Saturday, December 31, 2011
First of all, thanks to all my readers who offered support yesterday. My god, what a day. I don't have a lot of experience with mourning, mercifully, and let me tell you, yesterday was brutal.
I'll spare you the details, except to say that everything went smoothly and as planned.
I cried on and off all day, but the real enormity of what had occurred didn't hit me until last night as I sat talking with Dave before dinner. I realized that not only am I mourning the dogs, but also my own sense of purpose. For nearly this entire year, much of my time has been taken up with planning for the dogs' move, shuttling them to veterinary appointments in the states, preparing to have them shipped to England, anticipating their arrival and finally, once they were here, caring for them. The dogs have been my job.
Dave certainly helped, but he had his teaching and other work-related obligations to distract him. Even he would agree I took the lead on dog care and planning.
Now, obviously, all of that is over. I'm thankful for the cleaner house (I spent most of yesterday afternoon cleaning -- vacuuming, washing the floors, doing laundry) but I'm left with a sense of emptiness and uncertainty. What do I do now?
I have never lived without an animal. Now here I am, animalless. (Or is it animal-less?)
Oddly, I've found some comfort in the Bill Bryson book I'm currently reading. He talks about life on Earth, how it arose and its incredible diversity. Did you know that something like 99 percent of all the species that ever existed are already extinct? Life just keeps growing and evolving all around us -- we die, the substances of our bodies become other things or organisms, and we're reborn again. In the vastness of time, our individual lives are so short. Ernie and Ruby have moved on in the cycle, but I feel like they are still all around me, part of the fecundity of the world.
(Photo: Moss on a telephone exchange box in Maida Vale, yesterday afternoon. England is a very mossy place, and I'm often impressed with how diligently it grows in the most unlikely locations.)
Friday, December 30, 2011
Ruby had a rough night two nights ago -- panting, coughing and gagging for breath. I've already mentioned the various worsening maladies afflicting both her and Ernie.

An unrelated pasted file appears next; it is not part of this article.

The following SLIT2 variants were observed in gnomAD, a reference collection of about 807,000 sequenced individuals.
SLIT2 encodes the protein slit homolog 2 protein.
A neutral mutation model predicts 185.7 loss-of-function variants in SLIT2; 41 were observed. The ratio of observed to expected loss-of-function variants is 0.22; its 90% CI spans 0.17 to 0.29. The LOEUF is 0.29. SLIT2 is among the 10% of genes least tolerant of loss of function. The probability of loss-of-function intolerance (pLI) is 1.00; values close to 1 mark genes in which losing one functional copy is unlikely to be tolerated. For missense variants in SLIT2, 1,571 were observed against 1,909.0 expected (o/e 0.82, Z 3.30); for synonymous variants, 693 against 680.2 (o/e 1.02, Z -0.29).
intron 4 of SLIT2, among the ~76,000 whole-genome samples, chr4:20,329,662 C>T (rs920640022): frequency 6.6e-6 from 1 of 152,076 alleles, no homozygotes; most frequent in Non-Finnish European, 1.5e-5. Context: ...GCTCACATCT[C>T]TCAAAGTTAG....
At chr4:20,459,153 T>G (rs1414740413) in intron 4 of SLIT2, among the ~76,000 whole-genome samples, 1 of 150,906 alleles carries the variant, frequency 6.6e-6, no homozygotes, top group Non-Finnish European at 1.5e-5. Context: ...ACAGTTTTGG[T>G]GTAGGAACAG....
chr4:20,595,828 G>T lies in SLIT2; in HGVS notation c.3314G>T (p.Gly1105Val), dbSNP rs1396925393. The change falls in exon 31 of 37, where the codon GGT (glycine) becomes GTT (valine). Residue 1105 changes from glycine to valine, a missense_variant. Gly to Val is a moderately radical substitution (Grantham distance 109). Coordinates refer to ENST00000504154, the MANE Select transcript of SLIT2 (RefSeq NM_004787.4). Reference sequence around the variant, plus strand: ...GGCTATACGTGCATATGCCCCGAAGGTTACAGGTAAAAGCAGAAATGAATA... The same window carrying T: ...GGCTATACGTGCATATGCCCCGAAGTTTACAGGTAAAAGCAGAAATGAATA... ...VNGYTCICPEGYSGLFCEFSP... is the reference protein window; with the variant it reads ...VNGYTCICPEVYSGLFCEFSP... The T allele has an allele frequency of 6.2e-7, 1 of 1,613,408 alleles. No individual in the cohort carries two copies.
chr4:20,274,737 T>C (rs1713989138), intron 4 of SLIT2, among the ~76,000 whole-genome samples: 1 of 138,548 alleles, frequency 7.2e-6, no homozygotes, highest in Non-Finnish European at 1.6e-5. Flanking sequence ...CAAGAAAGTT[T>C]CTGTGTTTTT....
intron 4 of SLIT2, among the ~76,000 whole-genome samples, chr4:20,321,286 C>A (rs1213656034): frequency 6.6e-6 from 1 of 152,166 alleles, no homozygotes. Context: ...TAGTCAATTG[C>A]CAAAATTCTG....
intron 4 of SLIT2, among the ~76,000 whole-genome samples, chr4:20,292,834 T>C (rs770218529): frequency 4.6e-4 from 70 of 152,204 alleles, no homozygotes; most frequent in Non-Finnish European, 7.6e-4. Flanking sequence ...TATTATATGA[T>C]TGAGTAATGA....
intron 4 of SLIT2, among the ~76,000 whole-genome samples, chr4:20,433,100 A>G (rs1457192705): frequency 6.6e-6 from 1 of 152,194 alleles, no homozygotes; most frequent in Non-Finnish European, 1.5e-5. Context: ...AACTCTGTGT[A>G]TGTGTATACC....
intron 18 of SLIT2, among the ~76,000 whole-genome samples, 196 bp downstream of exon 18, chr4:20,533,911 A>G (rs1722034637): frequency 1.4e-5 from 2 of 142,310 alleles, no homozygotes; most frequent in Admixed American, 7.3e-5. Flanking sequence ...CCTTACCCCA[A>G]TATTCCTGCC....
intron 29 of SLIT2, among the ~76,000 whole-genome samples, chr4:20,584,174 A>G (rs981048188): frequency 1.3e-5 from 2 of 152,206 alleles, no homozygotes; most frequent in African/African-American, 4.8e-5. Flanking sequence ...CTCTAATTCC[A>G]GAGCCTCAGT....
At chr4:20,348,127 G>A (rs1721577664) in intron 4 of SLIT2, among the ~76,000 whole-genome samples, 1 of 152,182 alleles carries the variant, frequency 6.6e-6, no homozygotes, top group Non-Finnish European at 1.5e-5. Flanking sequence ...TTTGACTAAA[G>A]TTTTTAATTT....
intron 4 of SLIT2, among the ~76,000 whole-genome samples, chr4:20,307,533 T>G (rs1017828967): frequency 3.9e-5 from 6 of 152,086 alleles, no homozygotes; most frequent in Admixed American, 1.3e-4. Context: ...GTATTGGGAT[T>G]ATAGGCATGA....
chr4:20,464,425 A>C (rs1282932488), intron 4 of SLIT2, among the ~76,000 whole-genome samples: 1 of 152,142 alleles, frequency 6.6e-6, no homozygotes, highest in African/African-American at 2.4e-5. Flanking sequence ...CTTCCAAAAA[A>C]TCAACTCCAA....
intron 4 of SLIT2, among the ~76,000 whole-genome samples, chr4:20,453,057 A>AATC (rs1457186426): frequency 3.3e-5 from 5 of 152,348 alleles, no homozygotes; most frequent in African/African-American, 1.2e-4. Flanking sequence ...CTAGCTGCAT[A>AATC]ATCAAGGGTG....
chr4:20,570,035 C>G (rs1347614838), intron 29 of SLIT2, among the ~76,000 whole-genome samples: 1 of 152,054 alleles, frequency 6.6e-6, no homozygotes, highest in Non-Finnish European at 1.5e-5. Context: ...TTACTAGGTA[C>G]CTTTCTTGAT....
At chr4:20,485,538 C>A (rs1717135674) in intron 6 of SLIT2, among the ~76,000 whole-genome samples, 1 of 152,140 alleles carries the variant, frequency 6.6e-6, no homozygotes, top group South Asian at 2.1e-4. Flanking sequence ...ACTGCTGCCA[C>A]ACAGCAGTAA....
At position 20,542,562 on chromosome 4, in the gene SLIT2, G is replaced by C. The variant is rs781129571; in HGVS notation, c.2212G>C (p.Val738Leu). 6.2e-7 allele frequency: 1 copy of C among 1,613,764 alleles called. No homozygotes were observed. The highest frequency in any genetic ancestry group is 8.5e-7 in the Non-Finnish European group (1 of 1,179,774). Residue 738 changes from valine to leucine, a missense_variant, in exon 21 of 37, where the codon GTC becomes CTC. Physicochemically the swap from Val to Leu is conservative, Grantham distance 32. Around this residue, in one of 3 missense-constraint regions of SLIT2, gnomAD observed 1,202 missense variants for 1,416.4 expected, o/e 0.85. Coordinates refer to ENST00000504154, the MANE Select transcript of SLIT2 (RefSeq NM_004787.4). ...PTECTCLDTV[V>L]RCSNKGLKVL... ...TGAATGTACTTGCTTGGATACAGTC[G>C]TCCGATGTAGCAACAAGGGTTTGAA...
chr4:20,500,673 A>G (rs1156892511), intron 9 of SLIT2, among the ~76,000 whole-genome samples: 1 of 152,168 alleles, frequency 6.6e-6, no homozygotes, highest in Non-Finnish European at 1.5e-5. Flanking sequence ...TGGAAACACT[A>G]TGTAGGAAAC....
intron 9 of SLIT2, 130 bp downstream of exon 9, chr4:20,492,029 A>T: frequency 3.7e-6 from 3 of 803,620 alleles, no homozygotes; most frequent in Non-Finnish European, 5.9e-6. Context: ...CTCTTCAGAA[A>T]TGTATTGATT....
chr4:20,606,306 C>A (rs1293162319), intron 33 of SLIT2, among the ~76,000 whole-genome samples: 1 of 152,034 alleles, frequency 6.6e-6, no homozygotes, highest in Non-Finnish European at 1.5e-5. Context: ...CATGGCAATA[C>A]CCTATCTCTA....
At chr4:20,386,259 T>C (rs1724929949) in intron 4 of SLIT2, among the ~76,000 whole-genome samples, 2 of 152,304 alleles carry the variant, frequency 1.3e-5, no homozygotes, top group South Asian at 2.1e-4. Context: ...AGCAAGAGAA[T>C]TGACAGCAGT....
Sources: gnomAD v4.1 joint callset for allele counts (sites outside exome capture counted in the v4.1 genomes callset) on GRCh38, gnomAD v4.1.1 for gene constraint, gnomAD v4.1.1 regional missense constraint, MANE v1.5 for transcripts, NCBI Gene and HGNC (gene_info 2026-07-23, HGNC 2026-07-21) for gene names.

I have been very hesitant to take the final step toward ending their lives. Making that decision seems unnatural to me. But I guess that's the point -- sometimes you don't want to wait for nature to take its painful course.
So Dave and I have decided to take the dogs to the vet today and have both of them put down. Dave feels very strongly that we should intervene before their lives get any more uncomfortable. After Ruby's rough night, my hesitance has eroded, and I think I do see signs of pain in both of them. I know our vet also agrees, having spoken to us candidly about euthanasia already.
Obviously I'm torn up about this. I love these dogs like crazy. And poor Dave has had them much longer than I have -- he got Ruby ten years ago and Ernie a year later, when both were already adults. (We can only guess how old they are.)
It may seem strange or wasteful to take the trouble to prepare the dogs for overseas travel and move them all the way to England only to have them euthanized less than three months later. I've questioned that decision too. But I remind myself that we gained significant additional time with them -- and also allowed them to live three more months in the U.S. than they would have had if we'd put them down when we left New Jersey. (Also, when we began this process at the end of March, we didn't even know Ernie was sick.)
It is impossible to know when it's exactly the right time. They still wag their tails, and Ruby eats like a truck driver. On the other hand, they have all the problems I've already mentioned. And admittedly, I am deeply tired of the pills, the salves, the blood, the urine, the constant walking, the dementia, the continuous stream of laundry, and my inability to leave the house for much more than a few hours. Our quality of life is just as important as theirs.
It's funny that I've often wondered which dog would go first, and it now appears they'll go simultaneously. In a way that's better -- they won't miss each other. But it's certainly harder on us.
We've given them good lives. Now, it appears, it is time to give them a good death.
(Photo: Ghost of a dog? A doorway off Portobello Road.)